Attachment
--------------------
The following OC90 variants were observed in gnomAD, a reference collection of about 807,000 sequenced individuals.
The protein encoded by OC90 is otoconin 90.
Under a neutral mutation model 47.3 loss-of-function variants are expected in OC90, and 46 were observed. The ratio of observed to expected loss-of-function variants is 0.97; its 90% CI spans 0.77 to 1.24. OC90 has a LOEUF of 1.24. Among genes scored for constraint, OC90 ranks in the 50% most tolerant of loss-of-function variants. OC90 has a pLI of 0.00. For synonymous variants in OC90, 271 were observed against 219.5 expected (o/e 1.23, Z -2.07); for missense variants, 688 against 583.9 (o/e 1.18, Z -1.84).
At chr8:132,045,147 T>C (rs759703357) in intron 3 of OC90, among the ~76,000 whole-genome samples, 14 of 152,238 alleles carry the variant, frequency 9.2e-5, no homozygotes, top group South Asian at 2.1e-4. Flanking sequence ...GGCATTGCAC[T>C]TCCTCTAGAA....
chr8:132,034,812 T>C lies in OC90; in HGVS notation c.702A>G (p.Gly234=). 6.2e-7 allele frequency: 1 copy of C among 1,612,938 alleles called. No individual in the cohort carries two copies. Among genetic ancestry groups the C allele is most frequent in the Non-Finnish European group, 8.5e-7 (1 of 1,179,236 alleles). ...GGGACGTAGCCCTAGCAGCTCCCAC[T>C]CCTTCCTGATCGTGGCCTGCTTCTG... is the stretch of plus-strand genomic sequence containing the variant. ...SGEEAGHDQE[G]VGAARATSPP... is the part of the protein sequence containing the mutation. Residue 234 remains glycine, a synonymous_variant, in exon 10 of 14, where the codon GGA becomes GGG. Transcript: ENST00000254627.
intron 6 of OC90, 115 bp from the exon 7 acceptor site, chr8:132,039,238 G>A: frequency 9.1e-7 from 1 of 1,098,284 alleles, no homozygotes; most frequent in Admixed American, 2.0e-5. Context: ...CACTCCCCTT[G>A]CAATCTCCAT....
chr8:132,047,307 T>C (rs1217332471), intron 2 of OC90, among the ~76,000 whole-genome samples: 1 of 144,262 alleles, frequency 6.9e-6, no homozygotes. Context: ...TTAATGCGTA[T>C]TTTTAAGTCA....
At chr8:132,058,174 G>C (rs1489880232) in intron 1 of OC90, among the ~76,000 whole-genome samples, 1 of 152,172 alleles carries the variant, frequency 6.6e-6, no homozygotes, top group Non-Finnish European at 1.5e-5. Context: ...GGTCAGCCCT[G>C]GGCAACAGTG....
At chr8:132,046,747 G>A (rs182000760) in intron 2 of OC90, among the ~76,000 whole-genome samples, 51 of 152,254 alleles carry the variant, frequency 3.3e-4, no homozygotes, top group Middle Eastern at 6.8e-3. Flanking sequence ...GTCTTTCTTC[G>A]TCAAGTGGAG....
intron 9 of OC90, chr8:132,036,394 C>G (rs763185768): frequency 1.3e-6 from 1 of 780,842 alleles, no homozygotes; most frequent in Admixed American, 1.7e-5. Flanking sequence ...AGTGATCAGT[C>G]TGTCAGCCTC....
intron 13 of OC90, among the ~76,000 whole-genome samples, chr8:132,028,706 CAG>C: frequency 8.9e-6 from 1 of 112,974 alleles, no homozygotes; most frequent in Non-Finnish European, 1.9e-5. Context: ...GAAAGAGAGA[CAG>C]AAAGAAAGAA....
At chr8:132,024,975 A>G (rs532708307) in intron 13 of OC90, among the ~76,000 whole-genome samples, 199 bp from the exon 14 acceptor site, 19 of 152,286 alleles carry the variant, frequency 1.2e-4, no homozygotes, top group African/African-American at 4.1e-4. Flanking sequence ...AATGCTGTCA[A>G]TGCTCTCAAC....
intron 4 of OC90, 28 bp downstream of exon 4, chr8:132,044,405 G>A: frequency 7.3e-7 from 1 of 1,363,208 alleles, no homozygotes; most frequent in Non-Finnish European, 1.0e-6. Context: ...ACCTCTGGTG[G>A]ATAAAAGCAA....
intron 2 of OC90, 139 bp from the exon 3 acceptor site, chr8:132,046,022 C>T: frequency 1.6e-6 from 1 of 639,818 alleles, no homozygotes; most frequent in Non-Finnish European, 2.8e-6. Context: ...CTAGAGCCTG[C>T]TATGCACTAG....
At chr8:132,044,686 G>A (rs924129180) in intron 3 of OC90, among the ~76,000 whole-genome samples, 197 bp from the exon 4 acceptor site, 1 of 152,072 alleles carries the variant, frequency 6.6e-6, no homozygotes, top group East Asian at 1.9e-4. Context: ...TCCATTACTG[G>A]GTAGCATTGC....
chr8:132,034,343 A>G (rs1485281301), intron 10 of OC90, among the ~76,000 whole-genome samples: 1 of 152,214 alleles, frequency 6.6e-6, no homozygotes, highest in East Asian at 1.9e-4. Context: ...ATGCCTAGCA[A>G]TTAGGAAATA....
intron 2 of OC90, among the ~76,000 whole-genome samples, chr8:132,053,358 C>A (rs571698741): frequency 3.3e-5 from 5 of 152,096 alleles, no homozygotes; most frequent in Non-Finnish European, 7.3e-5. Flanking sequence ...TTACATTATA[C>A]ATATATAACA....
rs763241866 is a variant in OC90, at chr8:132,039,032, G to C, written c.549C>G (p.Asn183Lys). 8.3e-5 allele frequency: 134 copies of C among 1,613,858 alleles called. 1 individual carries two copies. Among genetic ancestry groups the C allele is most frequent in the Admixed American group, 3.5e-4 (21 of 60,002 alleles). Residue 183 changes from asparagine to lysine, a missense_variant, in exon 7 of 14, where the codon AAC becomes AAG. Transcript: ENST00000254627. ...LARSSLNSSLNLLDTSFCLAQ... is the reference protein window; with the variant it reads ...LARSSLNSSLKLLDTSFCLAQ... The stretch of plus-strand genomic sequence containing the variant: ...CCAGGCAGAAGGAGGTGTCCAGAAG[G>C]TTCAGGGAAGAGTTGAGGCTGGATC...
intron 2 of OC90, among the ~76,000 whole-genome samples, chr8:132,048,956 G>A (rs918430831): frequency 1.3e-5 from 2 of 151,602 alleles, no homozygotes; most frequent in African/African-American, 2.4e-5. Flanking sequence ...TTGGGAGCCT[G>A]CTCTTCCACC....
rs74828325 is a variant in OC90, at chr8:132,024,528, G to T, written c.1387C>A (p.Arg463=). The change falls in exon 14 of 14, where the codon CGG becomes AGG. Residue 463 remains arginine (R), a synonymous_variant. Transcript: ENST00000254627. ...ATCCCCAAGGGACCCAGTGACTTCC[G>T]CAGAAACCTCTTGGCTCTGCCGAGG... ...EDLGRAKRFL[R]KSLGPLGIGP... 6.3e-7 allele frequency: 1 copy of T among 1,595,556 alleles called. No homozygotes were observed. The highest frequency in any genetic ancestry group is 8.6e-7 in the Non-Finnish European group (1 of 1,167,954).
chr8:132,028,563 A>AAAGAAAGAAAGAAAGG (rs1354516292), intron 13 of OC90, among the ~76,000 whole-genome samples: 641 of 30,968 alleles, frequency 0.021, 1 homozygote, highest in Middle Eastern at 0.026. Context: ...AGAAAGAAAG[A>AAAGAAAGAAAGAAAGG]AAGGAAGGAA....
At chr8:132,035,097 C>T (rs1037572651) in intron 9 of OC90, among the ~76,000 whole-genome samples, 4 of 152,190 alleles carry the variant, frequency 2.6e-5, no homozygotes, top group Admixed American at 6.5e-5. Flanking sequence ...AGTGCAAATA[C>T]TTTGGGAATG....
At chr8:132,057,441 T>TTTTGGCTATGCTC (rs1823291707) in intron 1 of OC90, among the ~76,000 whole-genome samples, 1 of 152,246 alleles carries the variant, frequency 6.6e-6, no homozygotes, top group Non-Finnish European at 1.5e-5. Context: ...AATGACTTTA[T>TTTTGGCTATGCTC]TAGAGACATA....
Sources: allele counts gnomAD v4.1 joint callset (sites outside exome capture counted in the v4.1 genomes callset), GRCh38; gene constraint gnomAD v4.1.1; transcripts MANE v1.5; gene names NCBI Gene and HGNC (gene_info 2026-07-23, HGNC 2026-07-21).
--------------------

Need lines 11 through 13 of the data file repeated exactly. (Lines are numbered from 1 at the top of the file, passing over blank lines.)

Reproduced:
intron 13 of OC90, among the ~76,000 whole-genome samples, chr8:132,028,706 CAG>C: frequency 8.9e-6 from 1 of 112,974 alleles, no homozygotes; most frequent in Non-Finnish European, 1.9e-5. Context: ...GAAAGAGAGA[CAG>C]AAAGAAAGAA....
At chr8:132,024,975 A>G (rs532708307) in intron 13 of OC90, among the ~76,000 whole-genome samples, 199 bp from the exon 14 acceptor site, 19 of 152,286 alleles carry the variant, frequency 1.2e-4, no homozygotes, top group African/African-American at 4.1e-4. Flanking sequence ...AATGCTGTCA[A>G]TGCTCTCAAC....
intron 4 of OC90, 28 bp downstream of exon 4, chr8:132,044,405 G>A: frequency 7.3e-7 from 1 of 1,363,208 alleles, no homozygotes; most frequent in Non-Finnish European, 1.0e-6. Context: ...ACCTCTGGTG[G>A]ATAAAAGCAA....